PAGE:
Welcome to the NYU Diversity website!
Welcome to NYU and the diversity website. This site is meant to serve as a resource for all NYU community members looking for information on events, programs, services, resources, and policies relevant to diversity at the university.
Register for new, diversity realted courses:
These courses are open for registration for the Spring Semeter 2012. For more information on diversity related courses, please visit diversity in curricula.
Diversity is indispensable to NYU's pursuit of excellence.
— President John Sexton
Def Jam Records
In the early 1980s, Rick Rubin, co-founder of Def Jam Records, lived in Room 712 of NYU's Weinstein Residence Hall on University Place, where he collaborated with Russell Simmons on what is now one of hip hop's most influential record labels.
Women at the Heights Campus
In 1959, NYU first admitted women to the undergraduate classes of its two colleges at the University Heights campus. The College of Engineering admitted two coeds, Linda Mantovani and Patricia Hanusik. The University College of Arts and Science admitted 102 coeds for the 1959-1960 fall term.
James Weldon Johnson
In 1934, James Weldon Johnson became the first African-American professor at NYU. Johnson, already well known for his extensive writings, came to the University as professor of Creative Literature and Education. Johnson taught several courses, including one titled "Racial Contributions to American Culture."
Romare Bearden, renowned collage artist, graduated from NYU in 1945 with a B.S. in education. At NYU, Bearden regularly submitted cartoons to the campus humor magazine, The Medley, and at one point served as the magazine's art editor. Bearden's artistic career proved highly successful, prompting prominent scholar Henry Louis Gates Jr. to call Bearden "the father of African-American modernism."
The first study abroad site was opened in Madrid in 1958. Currently, NYU operates more than 40 study abroad programs in 27 countries in Europe, Asia, Africa, and South America. These include NYU centers in London, Madrid, Paris, Florence, Prague, Berlin, Ghana, and Shanghai (beginning Fall 2006) where students may spend a summer, semester, or academic year taking courses toward their degrees and broadening their understanding of the world.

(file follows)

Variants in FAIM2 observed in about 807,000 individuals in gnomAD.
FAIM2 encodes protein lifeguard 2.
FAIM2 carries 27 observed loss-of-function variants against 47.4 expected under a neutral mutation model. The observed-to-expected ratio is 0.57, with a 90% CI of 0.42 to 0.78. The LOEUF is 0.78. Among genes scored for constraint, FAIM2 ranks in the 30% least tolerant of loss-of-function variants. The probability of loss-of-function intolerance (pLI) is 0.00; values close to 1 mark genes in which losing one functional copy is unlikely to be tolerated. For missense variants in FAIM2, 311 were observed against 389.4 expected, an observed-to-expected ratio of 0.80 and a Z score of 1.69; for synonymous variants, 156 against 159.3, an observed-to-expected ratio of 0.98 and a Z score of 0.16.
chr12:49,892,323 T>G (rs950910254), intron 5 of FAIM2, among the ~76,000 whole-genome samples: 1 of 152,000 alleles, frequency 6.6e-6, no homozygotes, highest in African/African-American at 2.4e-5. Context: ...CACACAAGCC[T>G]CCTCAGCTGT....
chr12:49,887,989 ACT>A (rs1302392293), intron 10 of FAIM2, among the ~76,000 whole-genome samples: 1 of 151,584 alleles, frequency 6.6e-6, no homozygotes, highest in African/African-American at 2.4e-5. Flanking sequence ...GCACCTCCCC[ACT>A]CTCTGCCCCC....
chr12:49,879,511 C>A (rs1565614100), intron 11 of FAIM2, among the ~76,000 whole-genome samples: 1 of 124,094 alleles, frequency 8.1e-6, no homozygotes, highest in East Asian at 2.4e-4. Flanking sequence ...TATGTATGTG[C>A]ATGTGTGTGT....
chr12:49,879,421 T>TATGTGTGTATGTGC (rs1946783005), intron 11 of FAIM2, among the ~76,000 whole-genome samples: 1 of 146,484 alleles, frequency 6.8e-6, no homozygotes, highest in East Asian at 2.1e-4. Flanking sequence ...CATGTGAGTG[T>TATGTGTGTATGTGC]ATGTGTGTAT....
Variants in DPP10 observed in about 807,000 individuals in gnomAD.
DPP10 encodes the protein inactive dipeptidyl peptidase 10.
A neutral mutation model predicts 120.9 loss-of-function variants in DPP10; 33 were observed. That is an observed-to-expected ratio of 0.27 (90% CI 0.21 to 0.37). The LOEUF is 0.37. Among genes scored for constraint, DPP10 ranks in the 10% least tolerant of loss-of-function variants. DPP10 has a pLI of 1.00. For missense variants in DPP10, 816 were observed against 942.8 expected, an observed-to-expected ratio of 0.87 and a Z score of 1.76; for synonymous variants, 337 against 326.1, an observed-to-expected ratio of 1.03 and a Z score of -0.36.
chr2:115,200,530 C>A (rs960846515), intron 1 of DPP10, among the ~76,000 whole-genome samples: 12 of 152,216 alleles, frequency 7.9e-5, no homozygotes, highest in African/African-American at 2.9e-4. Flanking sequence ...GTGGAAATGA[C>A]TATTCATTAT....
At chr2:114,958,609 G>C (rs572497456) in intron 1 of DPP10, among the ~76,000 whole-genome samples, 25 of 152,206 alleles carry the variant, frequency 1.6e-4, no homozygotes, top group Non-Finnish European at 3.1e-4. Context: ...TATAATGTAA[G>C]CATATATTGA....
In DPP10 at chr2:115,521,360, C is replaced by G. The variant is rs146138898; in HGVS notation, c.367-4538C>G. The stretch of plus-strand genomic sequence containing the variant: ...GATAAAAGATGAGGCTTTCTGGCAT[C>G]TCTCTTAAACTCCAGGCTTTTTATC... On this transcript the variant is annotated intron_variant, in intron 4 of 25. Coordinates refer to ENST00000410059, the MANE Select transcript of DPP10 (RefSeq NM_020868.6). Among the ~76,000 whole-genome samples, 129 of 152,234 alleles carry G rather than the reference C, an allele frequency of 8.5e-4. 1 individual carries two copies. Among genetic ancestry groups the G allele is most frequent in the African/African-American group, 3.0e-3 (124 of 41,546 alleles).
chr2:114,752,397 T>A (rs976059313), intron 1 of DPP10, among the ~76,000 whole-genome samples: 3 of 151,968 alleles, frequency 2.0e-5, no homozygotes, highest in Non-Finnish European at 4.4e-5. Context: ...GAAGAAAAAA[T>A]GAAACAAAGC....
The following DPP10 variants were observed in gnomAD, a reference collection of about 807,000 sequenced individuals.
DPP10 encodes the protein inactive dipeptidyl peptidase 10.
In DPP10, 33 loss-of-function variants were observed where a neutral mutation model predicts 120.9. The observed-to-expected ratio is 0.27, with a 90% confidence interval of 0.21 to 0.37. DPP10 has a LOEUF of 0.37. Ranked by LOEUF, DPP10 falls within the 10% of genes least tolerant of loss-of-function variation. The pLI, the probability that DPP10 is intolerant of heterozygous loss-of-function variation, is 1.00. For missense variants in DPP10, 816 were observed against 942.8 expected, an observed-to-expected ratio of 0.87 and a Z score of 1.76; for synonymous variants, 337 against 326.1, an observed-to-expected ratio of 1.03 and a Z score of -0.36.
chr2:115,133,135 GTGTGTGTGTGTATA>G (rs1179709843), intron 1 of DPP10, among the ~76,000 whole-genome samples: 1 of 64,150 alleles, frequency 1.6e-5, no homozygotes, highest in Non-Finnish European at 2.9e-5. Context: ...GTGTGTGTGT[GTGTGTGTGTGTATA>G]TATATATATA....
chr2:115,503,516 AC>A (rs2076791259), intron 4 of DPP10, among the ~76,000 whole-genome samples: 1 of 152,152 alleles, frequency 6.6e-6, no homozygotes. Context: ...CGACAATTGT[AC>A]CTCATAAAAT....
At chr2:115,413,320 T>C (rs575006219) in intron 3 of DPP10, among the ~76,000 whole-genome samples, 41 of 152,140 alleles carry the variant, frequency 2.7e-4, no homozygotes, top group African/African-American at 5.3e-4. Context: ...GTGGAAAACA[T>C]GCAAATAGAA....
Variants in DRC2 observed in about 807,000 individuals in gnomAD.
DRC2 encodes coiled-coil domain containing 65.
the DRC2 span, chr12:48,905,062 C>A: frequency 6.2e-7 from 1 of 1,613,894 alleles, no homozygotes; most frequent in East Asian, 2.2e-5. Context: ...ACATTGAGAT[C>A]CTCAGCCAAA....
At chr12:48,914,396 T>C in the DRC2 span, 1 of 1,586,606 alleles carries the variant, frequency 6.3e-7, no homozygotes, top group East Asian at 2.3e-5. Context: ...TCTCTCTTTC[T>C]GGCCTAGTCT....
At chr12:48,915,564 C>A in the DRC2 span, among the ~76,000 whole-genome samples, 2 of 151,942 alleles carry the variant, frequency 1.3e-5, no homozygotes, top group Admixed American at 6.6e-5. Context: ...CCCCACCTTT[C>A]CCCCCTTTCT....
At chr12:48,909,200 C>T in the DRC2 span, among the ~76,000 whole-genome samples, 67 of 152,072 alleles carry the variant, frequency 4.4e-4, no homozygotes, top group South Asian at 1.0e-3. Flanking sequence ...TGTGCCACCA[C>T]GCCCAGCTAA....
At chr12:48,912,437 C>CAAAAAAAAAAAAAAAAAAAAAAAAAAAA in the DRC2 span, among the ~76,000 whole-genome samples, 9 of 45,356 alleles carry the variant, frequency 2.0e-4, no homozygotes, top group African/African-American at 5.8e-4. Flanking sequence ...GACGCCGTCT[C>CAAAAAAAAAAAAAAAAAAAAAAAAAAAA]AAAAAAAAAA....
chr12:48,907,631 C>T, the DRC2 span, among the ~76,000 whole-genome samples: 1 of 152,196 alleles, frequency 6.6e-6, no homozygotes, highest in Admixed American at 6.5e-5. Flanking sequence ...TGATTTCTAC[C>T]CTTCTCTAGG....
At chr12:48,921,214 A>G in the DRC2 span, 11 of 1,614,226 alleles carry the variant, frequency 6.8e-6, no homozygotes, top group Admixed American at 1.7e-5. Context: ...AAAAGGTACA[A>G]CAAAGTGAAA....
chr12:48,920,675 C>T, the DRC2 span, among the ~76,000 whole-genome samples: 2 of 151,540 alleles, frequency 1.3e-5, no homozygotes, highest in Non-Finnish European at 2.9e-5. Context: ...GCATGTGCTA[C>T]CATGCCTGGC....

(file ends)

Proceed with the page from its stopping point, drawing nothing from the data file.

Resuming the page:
Edna St Vincent Millay
In 1937, NYU invited Pulitzer Prize-winning poet Edna St. Vincent Millay to receive an honorary degree of Doctor of Humane Letters and to dine with Mrs. Harry Woodburn Chase, the Chancellor's wife, on the night before Commencement. Millay replied that she was "happy and proud" to accept both invitations. Her sentiments changed, however, when she discovered that while she dined with Mrs. Chase, the other honorary degree recipients, all men, would be the guests of honor at the the Council's annual pre-commencement banquet at the Waldorf-Astoria. Incensed at the apparent discrimination, she wrote in a letter to Harold Voorhis, the Secretary of New York University, "on an occasion, then, on which I shall be present solely for reasons of scholarship, I am solely, for reasons of sex, to be excluded from the company and the conversation of my fellow-doctors...I register this objection not for myself personally, but for all women." She went on to ask that in the future no woman "be required to swallow from the very cup of this honour, the gall of this humiliation." Millay won the sympathy of some committee members, including the chairman, William M. Kingsley, who even before Millay knew about the banquet, had requested that she be invited to it. Nevertheless, as Voorhis put it, the University "was not yet ready to break the tradition of the Council dinner by admitting the ladies, at least so long as we still confine our Council membership to the sterner sex."
In 1960, NYU undergraduate Carol Heiss won the first gold of only three first-place medals for the United States at the 1960 Winter Olympic Games. Upon her return to New York City, the sophomore English major was greeted by a ticker tape parade on Broadway, attracting a crowd of 250,000 people.